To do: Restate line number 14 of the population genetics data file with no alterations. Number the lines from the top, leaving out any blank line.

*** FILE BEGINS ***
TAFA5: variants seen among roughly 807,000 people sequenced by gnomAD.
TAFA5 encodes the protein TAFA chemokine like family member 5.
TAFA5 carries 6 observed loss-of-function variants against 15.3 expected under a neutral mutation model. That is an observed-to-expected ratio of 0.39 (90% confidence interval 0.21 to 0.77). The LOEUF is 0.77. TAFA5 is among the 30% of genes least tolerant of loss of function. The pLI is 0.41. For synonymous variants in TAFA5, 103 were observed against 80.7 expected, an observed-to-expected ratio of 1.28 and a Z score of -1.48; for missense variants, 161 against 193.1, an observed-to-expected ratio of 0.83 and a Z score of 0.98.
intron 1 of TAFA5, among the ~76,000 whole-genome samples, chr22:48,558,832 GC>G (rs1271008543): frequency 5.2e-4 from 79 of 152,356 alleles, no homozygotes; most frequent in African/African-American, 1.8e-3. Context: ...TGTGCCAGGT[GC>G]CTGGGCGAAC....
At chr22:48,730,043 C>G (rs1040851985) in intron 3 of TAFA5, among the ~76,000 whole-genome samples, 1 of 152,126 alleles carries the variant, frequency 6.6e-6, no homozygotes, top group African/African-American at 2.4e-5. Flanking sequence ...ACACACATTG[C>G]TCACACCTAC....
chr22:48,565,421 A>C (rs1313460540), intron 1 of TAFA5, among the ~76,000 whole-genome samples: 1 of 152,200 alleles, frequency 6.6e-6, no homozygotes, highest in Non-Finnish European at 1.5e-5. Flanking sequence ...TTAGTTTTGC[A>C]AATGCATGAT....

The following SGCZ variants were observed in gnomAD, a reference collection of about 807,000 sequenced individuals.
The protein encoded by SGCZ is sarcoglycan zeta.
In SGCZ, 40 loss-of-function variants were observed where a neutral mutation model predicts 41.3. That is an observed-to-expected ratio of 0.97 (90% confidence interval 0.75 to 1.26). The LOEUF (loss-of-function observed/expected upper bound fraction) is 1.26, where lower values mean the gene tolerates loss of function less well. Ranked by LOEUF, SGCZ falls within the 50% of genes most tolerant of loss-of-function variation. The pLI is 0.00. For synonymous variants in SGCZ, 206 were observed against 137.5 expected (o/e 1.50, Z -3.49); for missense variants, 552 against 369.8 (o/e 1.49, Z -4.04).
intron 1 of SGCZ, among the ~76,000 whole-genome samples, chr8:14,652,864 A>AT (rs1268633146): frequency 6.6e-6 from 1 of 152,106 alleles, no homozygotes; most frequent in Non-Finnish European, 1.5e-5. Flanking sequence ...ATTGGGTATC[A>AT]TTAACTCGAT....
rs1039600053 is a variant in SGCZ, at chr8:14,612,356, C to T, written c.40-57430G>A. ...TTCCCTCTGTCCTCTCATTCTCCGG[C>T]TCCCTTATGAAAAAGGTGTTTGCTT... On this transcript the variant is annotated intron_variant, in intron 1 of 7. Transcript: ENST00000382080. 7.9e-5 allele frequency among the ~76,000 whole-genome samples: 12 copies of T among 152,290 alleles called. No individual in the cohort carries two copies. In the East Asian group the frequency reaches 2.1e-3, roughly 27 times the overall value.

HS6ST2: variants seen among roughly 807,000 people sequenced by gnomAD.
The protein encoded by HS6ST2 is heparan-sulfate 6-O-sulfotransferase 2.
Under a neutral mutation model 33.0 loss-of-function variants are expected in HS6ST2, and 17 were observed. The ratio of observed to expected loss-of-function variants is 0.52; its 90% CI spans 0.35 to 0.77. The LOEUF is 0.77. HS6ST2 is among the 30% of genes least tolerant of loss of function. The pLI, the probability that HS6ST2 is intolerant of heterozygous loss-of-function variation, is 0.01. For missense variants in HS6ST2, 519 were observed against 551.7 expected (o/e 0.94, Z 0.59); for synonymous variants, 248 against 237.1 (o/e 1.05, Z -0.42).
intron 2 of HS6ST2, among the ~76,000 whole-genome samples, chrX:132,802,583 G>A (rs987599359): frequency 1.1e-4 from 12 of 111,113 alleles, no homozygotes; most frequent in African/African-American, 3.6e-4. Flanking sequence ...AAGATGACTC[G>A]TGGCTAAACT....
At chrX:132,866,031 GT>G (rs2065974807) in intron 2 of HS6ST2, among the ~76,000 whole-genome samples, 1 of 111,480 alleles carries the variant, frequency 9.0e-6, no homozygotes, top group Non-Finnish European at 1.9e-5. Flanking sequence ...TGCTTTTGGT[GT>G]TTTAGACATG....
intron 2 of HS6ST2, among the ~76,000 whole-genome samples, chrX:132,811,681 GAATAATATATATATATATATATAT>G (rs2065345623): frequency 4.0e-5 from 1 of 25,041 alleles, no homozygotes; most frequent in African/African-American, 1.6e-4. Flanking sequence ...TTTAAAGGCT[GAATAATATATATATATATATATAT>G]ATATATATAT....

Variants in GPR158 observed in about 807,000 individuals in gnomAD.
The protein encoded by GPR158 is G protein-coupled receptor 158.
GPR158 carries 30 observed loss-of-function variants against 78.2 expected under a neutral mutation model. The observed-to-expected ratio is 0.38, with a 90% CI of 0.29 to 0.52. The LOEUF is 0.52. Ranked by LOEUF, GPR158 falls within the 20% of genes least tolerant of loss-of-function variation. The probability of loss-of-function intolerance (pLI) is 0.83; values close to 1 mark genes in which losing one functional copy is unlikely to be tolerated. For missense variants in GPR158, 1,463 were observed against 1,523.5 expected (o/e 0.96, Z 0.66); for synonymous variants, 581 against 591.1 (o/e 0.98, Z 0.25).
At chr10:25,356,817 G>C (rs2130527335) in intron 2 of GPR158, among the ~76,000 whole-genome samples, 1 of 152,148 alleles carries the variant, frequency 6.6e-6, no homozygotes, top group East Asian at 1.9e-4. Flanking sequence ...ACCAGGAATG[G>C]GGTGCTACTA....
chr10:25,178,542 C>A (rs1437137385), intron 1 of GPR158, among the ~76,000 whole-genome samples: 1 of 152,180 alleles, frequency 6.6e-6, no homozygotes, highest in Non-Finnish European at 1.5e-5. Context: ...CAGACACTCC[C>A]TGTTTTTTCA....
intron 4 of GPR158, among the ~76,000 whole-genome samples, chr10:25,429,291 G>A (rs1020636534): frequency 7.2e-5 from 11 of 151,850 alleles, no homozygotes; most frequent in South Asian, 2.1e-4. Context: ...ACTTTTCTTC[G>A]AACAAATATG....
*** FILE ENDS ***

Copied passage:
Under a neutral mutation model 33.0 loss-of-function variants are expected in HS6ST2, and 17 were observed. The ratio of observed to expected loss-of-function variants is 0.52; its 90% CI spans 0.35 to 0.77. The LOEUF is 0.77. HS6ST2 is among the 30% of genes least tolerant of loss of function. The pLI, the probability that HS6ST2 is intolerant of heterozygous loss-of-function variation, is 0.01. For missense variants in HS6ST2, 519 were observed against 551.7 expected (o/e 0.94, Z 0.59); for synonymous variants, 248 against 237.1 (o/e 1.05, Z -0.42).